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Editorial: Pay to play


Maybe it seemed like a good idea at the time. At least, it seemed like a good fundraising idea for the St. John’s Board of Trade. The board would invite Premier Dwight Ball, all of the provincial cabinet ministers and all seven of the province’s federal Liberal members of Parliament to a dinner — and then sell $500-a-plate tickets to the event to local businesspeople.

The board told potential buyers that it would be “a unique, one-of-a-kind opportunity to network with some of the most influential people in Newfoundland and Labrador in government and the private sector.”

The Board of Trade email to potential customers went on: “this is an intimate event with 5-6 people per table allowing you maximum opportunity to network.”

Opponents say the dinner is a blatant case of pay-for-access politics, even though the money being raised isn’t going to the Liberal party — their point is that people are paying handsomely for privileged access to government officials.

You could debate whether this is actually government ministers trading access for cash, but what you can’t debate is that this is exactly why this province’s political financing and ethics legislation needs a tune-up to bring in somewhere close to the modern era.

In recent weeks, pretty much everyone except the Liberals have argued that it’s time for provincial elections legislation to stop donations from companies and unions to finance political parties. What’s clear from the often-delayed release of party financial information in this province is that whoever is in government suddenly receives far more financial support from the corporate sector than they did as an opposition.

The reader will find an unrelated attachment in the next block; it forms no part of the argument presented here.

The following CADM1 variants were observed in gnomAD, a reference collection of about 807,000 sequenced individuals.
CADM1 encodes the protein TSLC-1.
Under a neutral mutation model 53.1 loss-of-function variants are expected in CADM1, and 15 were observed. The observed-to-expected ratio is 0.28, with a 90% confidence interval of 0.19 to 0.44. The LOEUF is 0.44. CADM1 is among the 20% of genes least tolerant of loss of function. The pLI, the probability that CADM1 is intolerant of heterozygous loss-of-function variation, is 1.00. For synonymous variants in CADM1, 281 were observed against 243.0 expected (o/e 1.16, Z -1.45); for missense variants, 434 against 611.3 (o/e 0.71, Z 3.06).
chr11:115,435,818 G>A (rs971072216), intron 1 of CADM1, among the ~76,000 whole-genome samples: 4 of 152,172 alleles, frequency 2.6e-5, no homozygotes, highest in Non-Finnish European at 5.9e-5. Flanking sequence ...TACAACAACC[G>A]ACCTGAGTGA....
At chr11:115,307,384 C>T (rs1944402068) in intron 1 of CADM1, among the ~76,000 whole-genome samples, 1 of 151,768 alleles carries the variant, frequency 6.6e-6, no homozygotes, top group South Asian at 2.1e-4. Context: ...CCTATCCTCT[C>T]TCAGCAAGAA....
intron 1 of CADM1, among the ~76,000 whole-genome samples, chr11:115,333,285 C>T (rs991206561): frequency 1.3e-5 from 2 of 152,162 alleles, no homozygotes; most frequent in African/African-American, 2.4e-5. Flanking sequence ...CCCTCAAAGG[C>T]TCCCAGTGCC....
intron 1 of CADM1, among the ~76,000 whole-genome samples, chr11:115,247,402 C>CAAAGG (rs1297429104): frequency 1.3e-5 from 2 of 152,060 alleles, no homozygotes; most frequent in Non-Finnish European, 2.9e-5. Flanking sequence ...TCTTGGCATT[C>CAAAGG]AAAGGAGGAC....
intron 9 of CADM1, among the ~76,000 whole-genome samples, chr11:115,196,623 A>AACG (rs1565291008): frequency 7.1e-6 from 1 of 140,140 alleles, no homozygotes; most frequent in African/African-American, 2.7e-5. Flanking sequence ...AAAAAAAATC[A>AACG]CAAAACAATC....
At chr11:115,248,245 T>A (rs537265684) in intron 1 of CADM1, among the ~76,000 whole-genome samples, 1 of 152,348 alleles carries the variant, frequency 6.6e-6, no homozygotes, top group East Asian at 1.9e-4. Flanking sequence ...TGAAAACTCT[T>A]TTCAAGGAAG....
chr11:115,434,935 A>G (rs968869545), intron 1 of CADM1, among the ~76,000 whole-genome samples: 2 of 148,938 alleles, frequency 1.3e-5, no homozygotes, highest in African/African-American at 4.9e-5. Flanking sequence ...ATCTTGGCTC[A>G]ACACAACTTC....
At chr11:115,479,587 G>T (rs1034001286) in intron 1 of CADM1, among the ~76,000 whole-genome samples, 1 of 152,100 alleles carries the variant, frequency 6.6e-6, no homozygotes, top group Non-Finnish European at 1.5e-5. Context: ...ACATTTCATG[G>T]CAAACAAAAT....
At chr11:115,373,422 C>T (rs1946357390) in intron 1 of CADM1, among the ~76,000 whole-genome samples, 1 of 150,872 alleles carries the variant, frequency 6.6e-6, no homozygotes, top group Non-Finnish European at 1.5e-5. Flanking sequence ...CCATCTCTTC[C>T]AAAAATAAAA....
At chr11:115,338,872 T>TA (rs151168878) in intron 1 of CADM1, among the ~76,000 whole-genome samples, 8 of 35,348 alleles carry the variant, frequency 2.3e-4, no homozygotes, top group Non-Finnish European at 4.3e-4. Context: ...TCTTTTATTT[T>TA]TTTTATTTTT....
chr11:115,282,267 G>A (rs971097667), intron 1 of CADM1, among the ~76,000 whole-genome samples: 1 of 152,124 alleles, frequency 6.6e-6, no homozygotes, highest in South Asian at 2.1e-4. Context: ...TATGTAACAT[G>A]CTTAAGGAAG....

The clear suggestion? That either companies believe that paying into the political coffers of a governing party is good investment, or that bagmen from those parties can make a persuasive argument for why a big donation is a sensible business decision.

What’s striking is how often sizable donations match up with business that are either doing significant business with governments, or are seeking particular concessions.

In years’ past, some businesses have told The Telegram that party representatives have actually contacted businesses that landed government work and advised those businesses how many tickets for fundraising dinners they were expected to buy.

Whether it’s tithing or paying for access, it’s about time the process was brought to an end. Politicians are elected to serve the public, not for their parties to serve themselves.

Even though reformed election financing was a Liberal promise, the promise had, until this week, been shunted off into we’ve-got-more-important-things-to-do land of 2018 or so. This week, Government House Leader Andrew Parsons suggested he might be able to find legislative time to deal with the issue this fall. Good — it’s long overdue.

Meanwhile, as it has for years, money will continue to talk.

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